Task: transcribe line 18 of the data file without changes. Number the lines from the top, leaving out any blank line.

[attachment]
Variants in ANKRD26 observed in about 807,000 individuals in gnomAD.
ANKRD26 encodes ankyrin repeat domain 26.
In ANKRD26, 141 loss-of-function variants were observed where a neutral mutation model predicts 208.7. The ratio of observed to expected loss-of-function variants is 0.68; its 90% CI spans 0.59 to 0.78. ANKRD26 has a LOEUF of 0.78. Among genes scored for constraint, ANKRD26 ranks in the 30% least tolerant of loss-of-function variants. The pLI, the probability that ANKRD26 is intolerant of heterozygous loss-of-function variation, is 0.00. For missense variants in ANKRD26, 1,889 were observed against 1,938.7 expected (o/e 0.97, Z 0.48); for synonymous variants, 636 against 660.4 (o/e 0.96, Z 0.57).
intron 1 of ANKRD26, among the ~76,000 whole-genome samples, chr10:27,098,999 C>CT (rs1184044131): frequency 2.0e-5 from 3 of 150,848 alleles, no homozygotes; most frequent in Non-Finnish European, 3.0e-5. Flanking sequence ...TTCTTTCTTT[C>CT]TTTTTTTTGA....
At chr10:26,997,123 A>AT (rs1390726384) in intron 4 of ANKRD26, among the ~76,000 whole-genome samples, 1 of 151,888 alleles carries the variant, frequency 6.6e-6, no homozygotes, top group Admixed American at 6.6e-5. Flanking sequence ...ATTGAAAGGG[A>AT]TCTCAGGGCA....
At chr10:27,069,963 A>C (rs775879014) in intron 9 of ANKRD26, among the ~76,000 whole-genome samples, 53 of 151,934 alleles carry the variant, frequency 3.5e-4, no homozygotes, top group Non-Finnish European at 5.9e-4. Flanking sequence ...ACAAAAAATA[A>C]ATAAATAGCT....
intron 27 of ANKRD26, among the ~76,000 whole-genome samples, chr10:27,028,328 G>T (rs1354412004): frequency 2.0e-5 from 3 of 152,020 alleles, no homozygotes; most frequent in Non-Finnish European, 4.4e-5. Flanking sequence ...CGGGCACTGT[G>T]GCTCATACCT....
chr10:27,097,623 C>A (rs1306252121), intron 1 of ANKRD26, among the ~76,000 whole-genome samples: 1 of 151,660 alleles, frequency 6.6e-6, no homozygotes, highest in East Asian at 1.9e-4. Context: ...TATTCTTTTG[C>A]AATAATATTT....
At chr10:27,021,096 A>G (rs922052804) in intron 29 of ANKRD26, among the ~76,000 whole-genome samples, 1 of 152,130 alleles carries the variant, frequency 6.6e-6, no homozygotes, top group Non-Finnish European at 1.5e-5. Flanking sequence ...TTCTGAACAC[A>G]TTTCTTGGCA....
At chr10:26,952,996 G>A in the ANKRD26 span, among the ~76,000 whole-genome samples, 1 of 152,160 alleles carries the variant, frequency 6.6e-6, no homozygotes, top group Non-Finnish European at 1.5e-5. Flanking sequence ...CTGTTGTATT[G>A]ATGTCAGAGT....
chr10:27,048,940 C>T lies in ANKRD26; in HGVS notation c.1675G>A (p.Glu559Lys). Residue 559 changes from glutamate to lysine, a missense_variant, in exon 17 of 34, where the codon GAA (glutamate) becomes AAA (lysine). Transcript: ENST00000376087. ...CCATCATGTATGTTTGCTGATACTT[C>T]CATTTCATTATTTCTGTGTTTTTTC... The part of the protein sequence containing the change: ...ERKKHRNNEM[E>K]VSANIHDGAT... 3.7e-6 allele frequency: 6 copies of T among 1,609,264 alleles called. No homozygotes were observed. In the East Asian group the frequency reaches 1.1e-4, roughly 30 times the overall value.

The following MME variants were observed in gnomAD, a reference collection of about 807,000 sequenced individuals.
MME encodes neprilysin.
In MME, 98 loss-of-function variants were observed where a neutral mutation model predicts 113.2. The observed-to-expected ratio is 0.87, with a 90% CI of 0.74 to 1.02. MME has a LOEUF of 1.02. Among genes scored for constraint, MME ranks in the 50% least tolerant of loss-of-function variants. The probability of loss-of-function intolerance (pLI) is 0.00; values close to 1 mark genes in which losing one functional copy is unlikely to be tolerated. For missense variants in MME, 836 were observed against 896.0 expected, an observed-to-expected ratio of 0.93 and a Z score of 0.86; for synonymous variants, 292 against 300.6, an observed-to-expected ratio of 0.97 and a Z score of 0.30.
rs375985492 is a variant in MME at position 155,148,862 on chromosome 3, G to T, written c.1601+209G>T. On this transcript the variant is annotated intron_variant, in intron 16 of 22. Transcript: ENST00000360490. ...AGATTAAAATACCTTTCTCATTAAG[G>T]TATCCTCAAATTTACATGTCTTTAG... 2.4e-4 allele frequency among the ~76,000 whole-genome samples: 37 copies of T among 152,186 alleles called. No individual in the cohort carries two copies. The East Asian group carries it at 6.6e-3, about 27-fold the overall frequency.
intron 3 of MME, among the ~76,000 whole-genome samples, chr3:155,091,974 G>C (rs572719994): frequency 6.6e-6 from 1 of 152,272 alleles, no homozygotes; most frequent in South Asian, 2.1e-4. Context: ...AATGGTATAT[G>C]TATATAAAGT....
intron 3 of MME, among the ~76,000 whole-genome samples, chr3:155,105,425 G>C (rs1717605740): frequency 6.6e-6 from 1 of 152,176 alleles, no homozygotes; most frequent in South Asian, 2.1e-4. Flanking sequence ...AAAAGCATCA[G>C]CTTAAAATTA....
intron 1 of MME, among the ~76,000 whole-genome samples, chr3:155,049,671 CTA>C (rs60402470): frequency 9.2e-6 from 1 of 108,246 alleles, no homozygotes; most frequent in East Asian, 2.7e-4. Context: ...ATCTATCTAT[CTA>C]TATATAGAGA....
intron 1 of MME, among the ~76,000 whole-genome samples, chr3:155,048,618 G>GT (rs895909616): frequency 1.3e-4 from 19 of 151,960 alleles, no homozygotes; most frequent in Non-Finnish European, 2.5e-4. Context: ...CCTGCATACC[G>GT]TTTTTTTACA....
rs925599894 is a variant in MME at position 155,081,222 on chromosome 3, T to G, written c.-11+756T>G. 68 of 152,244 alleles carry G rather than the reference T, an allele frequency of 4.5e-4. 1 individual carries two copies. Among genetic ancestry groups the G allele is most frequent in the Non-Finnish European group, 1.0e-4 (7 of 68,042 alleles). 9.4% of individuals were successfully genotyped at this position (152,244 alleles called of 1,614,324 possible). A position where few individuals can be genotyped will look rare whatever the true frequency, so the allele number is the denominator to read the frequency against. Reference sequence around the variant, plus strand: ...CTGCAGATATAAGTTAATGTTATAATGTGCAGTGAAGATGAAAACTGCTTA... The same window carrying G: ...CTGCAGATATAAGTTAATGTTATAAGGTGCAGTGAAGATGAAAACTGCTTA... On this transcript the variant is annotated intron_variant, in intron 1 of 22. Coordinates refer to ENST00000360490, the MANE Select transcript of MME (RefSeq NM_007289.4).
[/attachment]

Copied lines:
intron 1 of MME, among the ~76,000 whole-genome samples, chr3:155,049,671 CTA>C (rs60402470): frequency 9.2e-6 from 1 of 108,246 alleles, no homozygotes; most frequent in East Asian, 2.7e-4. Context: ...ATCTATCTAT[CTA>C]TATATAGAGA....